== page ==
It has been suspected that several factors may limit the production of loud songs in birds, including energy expenditure, social aggression and predation (review in Gil and Gahr 2002). However, whereas the vulnerability of sound-producing insects and anurans to acoustically orientating predators and parasites has been reported in a variety of studies (review in Zuk and Kolluru 1998), evidence of predation cost of singing in birds is still lacking, apart from the study of Mougeot and Bretagnolle (2000) on petrel calls. More research on this issue is needed before the predation costs of birdsong can be assessed.
With regards to social aggression, it seems that the low amplitude of solo singing in nightingales cannot be explained by the avoidance of aggression by other males. Instead I have the impression that quite the reverse is true, for as soon as the presence of a rival was perceived, territorial males increased both amplitude and transmission properties of their songs.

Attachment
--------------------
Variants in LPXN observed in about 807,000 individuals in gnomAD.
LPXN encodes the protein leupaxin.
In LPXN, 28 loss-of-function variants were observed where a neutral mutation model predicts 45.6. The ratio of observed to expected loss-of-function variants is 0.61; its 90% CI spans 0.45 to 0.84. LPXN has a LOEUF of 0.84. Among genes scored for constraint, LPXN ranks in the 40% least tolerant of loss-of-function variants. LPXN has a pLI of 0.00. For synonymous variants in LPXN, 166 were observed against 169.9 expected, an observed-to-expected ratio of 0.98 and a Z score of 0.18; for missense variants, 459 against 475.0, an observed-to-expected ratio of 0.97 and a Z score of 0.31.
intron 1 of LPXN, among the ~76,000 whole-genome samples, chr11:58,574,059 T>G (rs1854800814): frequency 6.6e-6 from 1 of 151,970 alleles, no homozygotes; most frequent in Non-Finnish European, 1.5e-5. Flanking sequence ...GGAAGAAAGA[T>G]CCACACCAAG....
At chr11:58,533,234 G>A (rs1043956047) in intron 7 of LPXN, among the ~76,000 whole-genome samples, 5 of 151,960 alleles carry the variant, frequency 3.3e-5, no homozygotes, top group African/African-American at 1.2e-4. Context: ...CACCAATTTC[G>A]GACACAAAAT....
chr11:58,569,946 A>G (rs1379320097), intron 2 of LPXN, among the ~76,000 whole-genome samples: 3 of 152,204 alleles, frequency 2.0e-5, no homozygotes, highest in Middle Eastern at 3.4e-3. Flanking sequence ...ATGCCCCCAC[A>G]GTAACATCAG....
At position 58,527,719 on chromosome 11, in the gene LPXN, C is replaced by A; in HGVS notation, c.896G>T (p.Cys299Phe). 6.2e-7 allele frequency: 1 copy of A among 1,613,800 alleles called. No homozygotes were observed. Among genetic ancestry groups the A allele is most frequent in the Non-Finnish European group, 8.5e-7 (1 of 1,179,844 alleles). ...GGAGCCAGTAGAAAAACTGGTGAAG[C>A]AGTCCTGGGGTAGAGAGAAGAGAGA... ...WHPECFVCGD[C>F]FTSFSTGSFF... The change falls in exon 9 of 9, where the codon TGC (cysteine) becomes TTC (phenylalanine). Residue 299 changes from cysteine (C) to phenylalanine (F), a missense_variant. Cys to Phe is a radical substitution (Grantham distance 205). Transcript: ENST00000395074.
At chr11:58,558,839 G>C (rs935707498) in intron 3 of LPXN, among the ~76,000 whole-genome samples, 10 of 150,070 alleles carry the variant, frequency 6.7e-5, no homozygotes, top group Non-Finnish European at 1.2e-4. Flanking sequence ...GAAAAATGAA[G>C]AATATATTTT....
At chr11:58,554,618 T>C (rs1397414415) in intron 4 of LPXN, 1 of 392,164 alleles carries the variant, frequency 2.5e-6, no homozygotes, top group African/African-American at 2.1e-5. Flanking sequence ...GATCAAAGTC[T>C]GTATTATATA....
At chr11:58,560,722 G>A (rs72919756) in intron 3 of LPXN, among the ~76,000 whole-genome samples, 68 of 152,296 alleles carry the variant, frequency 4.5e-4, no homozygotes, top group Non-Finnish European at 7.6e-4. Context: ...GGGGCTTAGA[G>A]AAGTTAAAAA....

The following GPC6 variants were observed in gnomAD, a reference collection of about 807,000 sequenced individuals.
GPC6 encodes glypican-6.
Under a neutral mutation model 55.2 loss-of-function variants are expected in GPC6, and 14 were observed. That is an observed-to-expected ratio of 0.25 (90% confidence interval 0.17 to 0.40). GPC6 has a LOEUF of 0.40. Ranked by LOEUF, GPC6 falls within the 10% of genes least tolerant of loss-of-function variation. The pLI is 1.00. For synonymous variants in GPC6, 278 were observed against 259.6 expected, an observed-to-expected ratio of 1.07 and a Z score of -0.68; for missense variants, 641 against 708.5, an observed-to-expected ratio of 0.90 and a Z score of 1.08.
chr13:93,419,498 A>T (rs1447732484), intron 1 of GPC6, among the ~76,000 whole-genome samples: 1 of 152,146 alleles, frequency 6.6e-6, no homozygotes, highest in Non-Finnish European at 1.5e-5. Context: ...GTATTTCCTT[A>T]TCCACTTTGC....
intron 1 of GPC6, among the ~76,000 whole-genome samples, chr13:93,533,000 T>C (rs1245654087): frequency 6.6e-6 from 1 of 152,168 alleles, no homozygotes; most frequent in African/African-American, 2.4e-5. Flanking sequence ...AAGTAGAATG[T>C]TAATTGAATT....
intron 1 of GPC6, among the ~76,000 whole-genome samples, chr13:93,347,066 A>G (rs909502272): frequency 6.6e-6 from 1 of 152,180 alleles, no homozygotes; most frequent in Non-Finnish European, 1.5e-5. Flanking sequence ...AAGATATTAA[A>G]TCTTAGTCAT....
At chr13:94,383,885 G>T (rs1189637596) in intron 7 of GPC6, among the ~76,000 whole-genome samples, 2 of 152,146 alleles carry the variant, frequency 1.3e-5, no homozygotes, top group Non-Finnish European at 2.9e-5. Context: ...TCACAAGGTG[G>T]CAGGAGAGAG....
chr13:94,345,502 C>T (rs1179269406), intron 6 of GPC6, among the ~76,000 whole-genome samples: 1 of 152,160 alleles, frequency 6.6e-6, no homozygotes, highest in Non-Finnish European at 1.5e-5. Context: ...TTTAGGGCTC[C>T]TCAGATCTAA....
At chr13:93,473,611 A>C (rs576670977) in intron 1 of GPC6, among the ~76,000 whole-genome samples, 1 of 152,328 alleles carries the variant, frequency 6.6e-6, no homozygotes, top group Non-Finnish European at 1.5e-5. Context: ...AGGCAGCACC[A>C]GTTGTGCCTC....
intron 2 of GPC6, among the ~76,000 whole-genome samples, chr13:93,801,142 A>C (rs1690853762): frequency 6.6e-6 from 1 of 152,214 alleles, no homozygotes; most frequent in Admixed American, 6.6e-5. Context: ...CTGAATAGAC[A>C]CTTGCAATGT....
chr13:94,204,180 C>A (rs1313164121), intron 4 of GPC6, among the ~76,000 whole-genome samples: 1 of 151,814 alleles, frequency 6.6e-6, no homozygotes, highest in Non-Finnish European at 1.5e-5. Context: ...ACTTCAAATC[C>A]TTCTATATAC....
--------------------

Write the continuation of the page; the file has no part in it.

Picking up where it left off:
In contrast to anurans (Gerhardt and Huber 2002), the metabolic costs of vocalizing in songbirds are not very high, but increased vocal amplitude causes higher energy expenditure (Oberweger and Goller 2001, Ward et al. 2003). However, a study on singing activity and body weight loss in nightingales suggested rather high energetic costs of singing (Thomas 2002). It remains to be established to what degree energy expenditure limits the performance of loud songs and thus can explain the relatively low sound pressure levels during solo singing.